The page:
Report 2003-137 Summary - June 2004

California's Independent Water Districts: Reserve Amounts Are Not Always Sufficiently Justified, and Some Expenses and Contract Decisions Are Questionable


Our review of independent water districts revealed the following:


Water districts do not always have sufficient policies guiding the accumulation and use of resources. Lacking such policies, commonly referred to as reserve policies, water districts might have difficulty demonstrating to ratepayers and taxpayers how some of the accumulated resources serve public purposes. As of the close of fiscal years ending in 2003, the eight water districts we reviewed had accumulated resources totaling $485 million, an amount that would be sufficient to cover their total annual expenses for about 2.2 years. However, we acknowledge that water districts will ultimately use these resources for various purposes, not all of which will be to cover operating expenses. Resources held by the eight water districts to meet externally imposed restrictions would cover expenses for six months, while resources designated to meet specific district needs would cover expenses for about 17 months. The remaining balance would be sufficient to cover expenses for more than three months and could be used for other purposes, including rate reduction. We did not conclude that these accumulations are excessive. However, five of the eight water districts we visited might have trouble defending to ratepayers and taxpayers the need for some portion of their accumulated resources because either they have no reserve policies or the policies they do have are weak.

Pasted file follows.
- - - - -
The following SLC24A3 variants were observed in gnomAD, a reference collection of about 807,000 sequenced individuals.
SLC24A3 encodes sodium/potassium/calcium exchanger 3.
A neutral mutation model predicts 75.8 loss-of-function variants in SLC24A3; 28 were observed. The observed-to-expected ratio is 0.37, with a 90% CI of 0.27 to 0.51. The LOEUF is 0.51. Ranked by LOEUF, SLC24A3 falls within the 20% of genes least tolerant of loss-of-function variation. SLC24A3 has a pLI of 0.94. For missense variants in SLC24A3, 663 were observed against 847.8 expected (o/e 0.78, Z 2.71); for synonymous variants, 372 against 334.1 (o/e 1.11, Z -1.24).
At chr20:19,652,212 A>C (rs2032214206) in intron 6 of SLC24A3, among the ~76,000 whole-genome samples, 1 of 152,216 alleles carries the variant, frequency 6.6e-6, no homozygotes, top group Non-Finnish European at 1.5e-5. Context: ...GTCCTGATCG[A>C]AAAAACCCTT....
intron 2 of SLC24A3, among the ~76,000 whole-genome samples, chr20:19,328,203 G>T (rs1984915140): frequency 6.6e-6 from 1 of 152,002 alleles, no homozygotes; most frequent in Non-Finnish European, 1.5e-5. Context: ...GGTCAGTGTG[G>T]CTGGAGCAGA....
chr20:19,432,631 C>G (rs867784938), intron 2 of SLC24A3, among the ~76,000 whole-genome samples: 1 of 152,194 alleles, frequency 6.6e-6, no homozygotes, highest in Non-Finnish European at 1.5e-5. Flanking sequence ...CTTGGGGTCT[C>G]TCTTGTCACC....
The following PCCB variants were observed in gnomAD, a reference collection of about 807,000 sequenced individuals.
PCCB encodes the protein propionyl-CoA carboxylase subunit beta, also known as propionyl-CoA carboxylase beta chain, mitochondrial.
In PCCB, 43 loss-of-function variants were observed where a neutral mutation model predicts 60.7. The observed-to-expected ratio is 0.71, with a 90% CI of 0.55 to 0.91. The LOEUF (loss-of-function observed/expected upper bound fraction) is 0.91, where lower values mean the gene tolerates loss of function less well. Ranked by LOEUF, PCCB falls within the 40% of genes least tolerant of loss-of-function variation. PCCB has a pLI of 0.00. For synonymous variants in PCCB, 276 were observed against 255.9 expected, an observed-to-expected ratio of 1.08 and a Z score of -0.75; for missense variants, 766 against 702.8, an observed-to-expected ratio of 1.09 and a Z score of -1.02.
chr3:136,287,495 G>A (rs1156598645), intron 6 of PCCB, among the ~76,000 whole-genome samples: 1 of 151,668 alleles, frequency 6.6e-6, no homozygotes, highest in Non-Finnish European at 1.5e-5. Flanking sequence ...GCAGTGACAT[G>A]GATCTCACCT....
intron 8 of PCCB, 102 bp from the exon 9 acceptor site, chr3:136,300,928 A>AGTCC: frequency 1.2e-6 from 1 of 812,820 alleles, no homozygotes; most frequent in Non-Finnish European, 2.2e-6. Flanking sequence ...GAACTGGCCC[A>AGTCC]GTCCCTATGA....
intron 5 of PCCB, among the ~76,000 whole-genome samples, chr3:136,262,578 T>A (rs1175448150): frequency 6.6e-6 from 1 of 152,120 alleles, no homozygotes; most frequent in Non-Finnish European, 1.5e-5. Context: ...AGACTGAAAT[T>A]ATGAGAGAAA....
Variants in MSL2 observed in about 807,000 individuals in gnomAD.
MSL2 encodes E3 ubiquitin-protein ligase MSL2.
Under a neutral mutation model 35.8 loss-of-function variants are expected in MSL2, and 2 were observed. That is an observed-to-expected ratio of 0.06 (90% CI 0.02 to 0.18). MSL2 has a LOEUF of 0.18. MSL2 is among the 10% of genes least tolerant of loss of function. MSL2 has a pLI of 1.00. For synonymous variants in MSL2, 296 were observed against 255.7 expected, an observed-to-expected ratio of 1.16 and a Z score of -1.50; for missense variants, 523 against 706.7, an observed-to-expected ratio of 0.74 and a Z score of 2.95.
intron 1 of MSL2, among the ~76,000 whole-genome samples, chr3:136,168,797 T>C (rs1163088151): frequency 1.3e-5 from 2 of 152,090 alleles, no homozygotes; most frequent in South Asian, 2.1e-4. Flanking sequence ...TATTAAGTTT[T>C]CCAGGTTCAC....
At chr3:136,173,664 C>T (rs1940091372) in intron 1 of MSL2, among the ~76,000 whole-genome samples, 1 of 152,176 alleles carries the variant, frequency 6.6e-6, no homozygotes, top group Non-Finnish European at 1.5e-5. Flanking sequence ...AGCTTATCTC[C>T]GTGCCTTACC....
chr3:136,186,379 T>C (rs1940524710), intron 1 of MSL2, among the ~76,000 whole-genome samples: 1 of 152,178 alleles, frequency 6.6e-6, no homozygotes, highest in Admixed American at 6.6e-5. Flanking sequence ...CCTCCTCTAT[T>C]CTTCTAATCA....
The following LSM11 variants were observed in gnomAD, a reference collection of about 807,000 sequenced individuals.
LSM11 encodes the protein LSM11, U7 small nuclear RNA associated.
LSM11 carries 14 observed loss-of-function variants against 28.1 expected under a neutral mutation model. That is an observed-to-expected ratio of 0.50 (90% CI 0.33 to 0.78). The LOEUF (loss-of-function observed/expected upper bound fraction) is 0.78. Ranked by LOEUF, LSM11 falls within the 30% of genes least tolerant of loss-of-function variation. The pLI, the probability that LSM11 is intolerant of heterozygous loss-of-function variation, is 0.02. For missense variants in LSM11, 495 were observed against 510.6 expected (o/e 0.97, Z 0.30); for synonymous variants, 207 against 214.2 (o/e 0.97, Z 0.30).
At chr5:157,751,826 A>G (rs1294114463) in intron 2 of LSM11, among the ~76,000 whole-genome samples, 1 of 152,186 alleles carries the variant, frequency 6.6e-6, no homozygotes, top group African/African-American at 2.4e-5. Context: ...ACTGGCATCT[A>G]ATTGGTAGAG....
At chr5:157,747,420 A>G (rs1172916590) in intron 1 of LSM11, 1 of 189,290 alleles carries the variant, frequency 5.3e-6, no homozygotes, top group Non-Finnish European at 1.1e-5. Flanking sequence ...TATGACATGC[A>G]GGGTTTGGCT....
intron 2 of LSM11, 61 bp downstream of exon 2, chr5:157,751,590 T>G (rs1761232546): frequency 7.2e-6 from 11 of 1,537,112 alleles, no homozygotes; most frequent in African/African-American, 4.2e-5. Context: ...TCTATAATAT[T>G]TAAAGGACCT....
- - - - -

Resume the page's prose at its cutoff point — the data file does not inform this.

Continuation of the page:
Regardless of how much resources water districts have accumulated, some people have asked whether the State could tap these resources to help it get through its current budget crisis. An opinion from the Office of the Legislative Counsel states that the Legislature cannot lawfully enact a statute to transfer money from a special district's reserve fund to the State's General Fund and allocate that money for a purpose other than that for which the special district was created.

After reviewing the expense records of the eight water districts we visited, we concluded that some expenses for the districts' directors did not appear to be reasonable and necessary uses of public funds. State law provides water districts only general guidance on spending for their directors. Therefore, water districts must enact and execute their own policies to ensure that the funds they spend for their directors are reasonable and necessary. The policies addressing directors' expenses at some water districts are not always sufficiently specific or constraining.